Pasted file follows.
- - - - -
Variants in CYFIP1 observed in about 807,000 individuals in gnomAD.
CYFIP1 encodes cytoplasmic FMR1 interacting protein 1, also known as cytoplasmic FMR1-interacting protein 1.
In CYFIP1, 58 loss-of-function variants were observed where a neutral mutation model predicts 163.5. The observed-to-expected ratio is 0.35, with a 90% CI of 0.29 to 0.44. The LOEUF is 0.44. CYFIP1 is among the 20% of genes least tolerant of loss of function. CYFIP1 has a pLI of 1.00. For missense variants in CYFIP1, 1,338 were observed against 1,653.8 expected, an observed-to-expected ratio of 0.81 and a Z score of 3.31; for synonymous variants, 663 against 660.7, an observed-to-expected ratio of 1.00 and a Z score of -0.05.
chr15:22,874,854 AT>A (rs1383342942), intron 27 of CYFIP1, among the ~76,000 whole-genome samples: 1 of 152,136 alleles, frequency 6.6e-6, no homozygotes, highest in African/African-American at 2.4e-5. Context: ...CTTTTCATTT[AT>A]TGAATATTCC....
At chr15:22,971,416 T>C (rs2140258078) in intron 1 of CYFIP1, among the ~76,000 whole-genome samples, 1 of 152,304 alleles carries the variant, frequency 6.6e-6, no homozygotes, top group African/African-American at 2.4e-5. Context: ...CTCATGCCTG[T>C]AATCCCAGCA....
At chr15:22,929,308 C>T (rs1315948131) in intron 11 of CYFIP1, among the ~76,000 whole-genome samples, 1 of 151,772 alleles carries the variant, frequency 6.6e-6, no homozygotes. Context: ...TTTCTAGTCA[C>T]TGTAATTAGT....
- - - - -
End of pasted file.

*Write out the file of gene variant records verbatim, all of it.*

Variants in CYFIP1 observed in about 807,000 individuals in gnomAD.
CYFIP1 encodes cytoplasmic FMR1 interacting protein 1, also known as cytoplasmic FMR1-interacting protein 1.
In CYFIP1, 58 loss-of-function variants were observed where a neutral mutation model predicts 163.5. The observed-to-expected ratio is 0.35, with a 90% CI of 0.29 to 0.44. The LOEUF is 0.44. CYFIP1 is among the 20% of genes least tolerant of loss of function. CYFIP1 has a pLI of 1.00. For missense variants in CYFIP1, 1,338 were observed against 1,653.8 expected, an observed-to-expected ratio of 0.81 and a Z score of 3.31; for synonymous variants, 663 against 660.7, an observed-to-expected ratio of 1.00 and a Z score of -0.05.
chr15:22,874,854 AT>A (rs1383342942), intron 27 of CYFIP1, among the ~76,000 whole-genome samples: 1 of 152,136 alleles, frequency 6.6e-6, no homozygotes, highest in African/African-American at 2.4e-5. Context: ...CTTTTCATTT[AT>A]TGAATATTCC....
At chr15:22,971,416 T>C (rs2140258078) in intron 1 of CYFIP1, among the ~76,000 whole-genome samples, 1 of 152,304 alleles carries the variant, frequency 6.6e-6, no homozygotes, top group African/African-American at 2.4e-5. Context: ...CTCATGCCTG[T>C]AATCCCAGCA....
At chr15:22,929,308 C>T (rs1315948131) in intron 11 of CYFIP1, among the ~76,000 whole-genome samples, 1 of 151,772 alleles carries the variant, frequency 6.6e-6, no homozygotes. Context: ...TTTCTAGTCA[C>T]TGTAATTAGT....